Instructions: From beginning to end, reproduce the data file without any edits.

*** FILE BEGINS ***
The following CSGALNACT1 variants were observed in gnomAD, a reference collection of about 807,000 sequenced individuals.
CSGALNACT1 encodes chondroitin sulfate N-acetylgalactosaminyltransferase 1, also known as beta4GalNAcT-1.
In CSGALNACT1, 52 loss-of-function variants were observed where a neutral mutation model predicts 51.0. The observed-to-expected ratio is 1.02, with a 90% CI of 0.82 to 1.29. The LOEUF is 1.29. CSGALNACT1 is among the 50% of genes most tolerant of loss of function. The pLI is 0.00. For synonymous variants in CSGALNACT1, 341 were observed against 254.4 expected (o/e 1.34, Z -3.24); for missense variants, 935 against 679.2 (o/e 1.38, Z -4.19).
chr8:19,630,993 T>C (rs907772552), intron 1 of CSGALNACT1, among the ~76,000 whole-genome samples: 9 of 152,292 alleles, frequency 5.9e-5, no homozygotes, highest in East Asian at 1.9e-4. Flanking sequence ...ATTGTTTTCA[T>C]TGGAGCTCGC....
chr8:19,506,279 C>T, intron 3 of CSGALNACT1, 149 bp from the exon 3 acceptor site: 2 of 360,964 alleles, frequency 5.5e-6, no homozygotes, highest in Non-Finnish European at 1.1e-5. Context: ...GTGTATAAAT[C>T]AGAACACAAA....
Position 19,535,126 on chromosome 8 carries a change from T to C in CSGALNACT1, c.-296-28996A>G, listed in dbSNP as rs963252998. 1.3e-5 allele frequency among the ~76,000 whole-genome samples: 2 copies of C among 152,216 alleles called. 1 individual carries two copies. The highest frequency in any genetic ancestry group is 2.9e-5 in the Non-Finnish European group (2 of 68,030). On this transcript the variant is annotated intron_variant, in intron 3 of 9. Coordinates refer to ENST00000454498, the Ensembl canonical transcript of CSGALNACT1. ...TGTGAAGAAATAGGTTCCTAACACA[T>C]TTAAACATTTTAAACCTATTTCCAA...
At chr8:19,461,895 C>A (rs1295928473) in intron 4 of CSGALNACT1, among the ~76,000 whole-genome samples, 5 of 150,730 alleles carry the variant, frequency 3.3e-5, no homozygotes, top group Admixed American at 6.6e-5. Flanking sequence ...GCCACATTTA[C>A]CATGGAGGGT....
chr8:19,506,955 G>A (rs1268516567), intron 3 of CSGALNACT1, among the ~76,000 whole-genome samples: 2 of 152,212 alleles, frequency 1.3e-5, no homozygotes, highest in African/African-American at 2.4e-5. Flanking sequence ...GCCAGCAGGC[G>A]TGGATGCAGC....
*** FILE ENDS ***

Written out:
The following CSGALNACT1 variants were observed in gnomAD, a reference collection of about 807,000 sequenced individuals.
CSGALNACT1 encodes chondroitin sulfate N-acetylgalactosaminyltransferase 1, also known as beta4GalNAcT-1.
In CSGALNACT1, 52 loss-of-function variants were observed where a neutral mutation model predicts 51.0. The observed-to-expected ratio is 1.02, with a 90% CI of 0.82 to 1.29. The LOEUF is 1.29. CSGALNACT1 is among the 50% of genes most tolerant of loss of function. The pLI is 0.00. For synonymous variants in CSGALNACT1, 341 were observed against 254.4 expected (o/e 1.34, Z -3.24); for missense variants, 935 against 679.2 (o/e 1.38, Z -4.19).
chr8:19,630,993 T>C (rs907772552), intron 1 of CSGALNACT1, among the ~76,000 whole-genome samples: 9 of 152,292 alleles, frequency 5.9e-5, no homozygotes, highest in East Asian at 1.9e-4. Flanking sequence ...ATTGTTTTCA[T>C]TGGAGCTCGC....
chr8:19,506,279 C>T, intron 3 of CSGALNACT1, 149 bp from the exon 3 acceptor site: 2 of 360,964 alleles, frequency 5.5e-6, no homozygotes, highest in Non-Finnish European at 1.1e-5. Context: ...GTGTATAAAT[C>T]AGAACACAAA....
Position 19,535,126 on chromosome 8 carries a change from T to C in CSGALNACT1, c.-296-28996A>G, listed in dbSNP as rs963252998. 1.3e-5 allele frequency among the ~76,000 whole-genome samples: 2 copies of C among 152,216 alleles called. 1 individual carries two copies. The highest frequency in any genetic ancestry group is 2.9e-5 in the Non-Finnish European group (2 of 68,030). On this transcript the variant is annotated intron_variant, in intron 3 of 9. Coordinates refer to ENST00000454498, the Ensembl canonical transcript of CSGALNACT1. ...TGTGAAGAAATAGGTTCCTAACACA[T>C]TTAAACATTTTAAACCTATTTCCAA...
At chr8:19,461,895 C>A (rs1295928473) in intron 4 of CSGALNACT1, among the ~76,000 whole-genome samples, 5 of 150,730 alleles carry the variant, frequency 3.3e-5, no homozygotes, top group Admixed American at 6.6e-5. Flanking sequence ...GCCACATTTA[C>A]CATGGAGGGT....
chr8:19,506,955 G>A (rs1268516567), intron 3 of CSGALNACT1, among the ~76,000 whole-genome samples: 2 of 152,212 alleles, frequency 1.3e-5, no homozygotes, highest in African/African-American at 2.4e-5. Flanking sequence ...GCCAGCAGGC[G>A]TGGATGCAGC....